Climbing the wall of worry

By Portfolio Advisory Service | 12 Oct 2021 | Market InsightsMarket Outlook

Climbing the wall of worry

Evergrande. The US debt ceiling. Federal Reserve QE tapering. Supply shortages. Oil prices. Stagflation. High valuations.

The list goes on. Global investors face a wall of worry that has many questioning the prospects for further equity market gains. Recent market volatility has been challenging. That has made it difficult to look through the headlines to the strong fundamentals beyond.

We expect global growth will remain solid in in the near-term. And that leaves us optimistic on equity market returns over the medium-term.

Low growth, high inflation? We don’t think so

In many developed economies, inflation is above the central bank targets. Supply chain disruptions have pushed prices higher for many goods and services. Wage growth is normalising following the pandemic. Oil prices are almost 60% higher year-to-date.

Figure 1: Inflation is elevated in the US and Australia relative to recent history
Inflation is elevated in the US and Australia relative to recent history

Higher inflation will at least partially be transitory. Many of the impacts will begin to normalise over the coming 12 months. But some of it will be more persistent. We expect wages growth to revert to higher levels than immediately pre-pandemic. This will coincide with productivity increases. The outcome is wage growth that will benefit households without being overly inflationary.

At the same time, growth is slowing. Growth surged after Covid19-related lockdowns. The reopening pushed growth to unrealistically high levels from very low bases. The normalisation process is occurring now. We should expect growth to move back towards more historically normal levels through 2022 and 2023.

Higher bond yields, higher equities

The economic growth and inflationary outlook all but ensures that the US Federal Reserve will begin reducing its asset purchase program this year. Other central banks have already started tapering. And rate hikes are on the cards in some developed economies over the next three to four months.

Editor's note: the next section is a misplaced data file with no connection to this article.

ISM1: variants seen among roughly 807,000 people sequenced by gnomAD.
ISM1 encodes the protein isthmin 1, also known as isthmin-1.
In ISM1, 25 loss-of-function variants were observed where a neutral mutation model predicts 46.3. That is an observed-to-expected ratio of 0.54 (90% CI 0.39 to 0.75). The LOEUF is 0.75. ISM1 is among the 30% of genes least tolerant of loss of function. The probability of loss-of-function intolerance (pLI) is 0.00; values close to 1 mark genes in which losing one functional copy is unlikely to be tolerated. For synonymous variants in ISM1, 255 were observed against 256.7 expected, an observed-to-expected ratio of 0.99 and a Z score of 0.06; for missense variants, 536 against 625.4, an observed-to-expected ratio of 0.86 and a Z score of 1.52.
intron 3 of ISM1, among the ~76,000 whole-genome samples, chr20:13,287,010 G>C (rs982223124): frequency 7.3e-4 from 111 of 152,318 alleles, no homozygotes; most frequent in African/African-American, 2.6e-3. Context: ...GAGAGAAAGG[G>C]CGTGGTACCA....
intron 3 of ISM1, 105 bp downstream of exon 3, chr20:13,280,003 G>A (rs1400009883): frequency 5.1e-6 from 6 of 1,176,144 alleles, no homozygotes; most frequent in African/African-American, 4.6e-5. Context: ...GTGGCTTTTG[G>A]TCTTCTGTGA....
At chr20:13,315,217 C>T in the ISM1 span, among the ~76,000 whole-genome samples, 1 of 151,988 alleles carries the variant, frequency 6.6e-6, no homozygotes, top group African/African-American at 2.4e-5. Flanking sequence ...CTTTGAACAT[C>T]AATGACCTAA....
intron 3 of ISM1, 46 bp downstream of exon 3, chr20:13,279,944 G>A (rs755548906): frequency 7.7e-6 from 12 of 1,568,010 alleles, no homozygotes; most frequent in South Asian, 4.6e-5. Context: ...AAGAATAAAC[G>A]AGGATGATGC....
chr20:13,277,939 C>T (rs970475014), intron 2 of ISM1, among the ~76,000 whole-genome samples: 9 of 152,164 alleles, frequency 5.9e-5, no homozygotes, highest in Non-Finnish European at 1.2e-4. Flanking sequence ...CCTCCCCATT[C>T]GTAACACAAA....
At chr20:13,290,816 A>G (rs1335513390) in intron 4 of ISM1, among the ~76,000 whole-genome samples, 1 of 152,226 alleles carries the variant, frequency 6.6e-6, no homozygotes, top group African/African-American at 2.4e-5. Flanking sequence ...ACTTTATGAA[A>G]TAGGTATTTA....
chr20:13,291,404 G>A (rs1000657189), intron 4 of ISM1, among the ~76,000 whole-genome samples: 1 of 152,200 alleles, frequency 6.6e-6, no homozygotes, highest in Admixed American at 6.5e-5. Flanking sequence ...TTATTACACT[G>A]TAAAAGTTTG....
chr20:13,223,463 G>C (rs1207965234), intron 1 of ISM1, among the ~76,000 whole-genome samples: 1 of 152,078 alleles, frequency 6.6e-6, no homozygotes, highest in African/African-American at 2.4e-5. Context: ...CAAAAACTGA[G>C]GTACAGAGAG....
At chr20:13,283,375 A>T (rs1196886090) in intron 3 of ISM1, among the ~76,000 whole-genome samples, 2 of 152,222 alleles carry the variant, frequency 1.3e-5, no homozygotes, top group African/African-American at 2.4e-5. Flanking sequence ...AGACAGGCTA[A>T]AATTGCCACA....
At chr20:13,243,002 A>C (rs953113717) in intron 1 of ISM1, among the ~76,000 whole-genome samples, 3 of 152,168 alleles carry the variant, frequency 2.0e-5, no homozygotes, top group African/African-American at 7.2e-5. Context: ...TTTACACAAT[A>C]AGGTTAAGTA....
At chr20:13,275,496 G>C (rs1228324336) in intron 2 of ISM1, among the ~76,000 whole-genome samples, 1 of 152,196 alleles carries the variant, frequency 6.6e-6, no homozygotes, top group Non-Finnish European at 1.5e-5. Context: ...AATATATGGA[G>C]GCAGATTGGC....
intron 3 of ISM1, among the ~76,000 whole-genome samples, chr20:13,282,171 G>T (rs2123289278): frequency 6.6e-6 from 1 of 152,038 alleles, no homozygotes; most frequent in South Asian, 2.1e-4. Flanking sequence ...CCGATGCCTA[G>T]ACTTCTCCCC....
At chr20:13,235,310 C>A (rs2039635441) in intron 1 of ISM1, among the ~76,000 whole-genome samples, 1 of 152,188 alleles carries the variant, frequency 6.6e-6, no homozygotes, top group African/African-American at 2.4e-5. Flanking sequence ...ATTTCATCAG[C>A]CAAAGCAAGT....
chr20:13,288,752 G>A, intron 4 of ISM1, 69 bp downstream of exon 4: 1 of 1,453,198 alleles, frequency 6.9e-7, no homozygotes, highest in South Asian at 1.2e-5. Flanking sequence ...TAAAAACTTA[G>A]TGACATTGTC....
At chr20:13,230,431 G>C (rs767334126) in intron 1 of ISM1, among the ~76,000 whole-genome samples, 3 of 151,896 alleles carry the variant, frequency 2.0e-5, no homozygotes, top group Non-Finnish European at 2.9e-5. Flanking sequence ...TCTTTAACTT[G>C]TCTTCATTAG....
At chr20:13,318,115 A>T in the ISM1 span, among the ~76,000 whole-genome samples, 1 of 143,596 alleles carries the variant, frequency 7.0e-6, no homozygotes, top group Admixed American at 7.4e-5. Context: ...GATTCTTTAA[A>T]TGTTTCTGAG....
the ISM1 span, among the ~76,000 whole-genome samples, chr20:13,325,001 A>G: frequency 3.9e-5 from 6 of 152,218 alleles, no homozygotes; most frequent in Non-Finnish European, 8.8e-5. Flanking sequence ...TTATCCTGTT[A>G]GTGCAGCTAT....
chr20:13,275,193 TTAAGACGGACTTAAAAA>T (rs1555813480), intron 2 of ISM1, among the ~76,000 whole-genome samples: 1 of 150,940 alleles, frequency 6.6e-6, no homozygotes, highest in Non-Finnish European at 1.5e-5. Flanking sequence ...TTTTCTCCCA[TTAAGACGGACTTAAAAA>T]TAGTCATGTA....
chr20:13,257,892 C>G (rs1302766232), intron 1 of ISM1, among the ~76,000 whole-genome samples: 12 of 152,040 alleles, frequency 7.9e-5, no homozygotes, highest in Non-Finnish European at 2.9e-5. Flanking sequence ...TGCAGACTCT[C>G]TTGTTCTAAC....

We expect that will lead to higher government bond yields. The US Treasury 10-year yield, for example, is currently around 1.6%. We have previously forecast that yield to rise to around 2% by end-2021 and to reach as high as 3% over the coming 18 months.

Figure 2: US Treasury yields have moved higher, and we expect have further to go
US Treasury yields have moved higher, and we expect have further to go

That doesn’t need to spell negative outcomes for global equities. Higher bond yields in this case reflects reasonable growth outcomes, inflation normalising to central bank targets, and central banks beginning to move policy rates higher gradually. This remains a positive environment for corporate revenues and earnings growth. We also expect that as rates do drift higher, many corporates will take the opportunity to issue debt and buyback equities, adding support to equities over the medium-term.

Stay invested

September was one of the worst months in recent years for a typical balanced portfolio. Equites and bond prices fell. Those types of market movements can prompt reactionary moves within portfolios. We recommend holding the course. In some markets, we suggest adding to risk. Despite the near-term volatility, we expect global equities to continue to climb a wall of worry and deliver strong medium-term risk adjusted returns.

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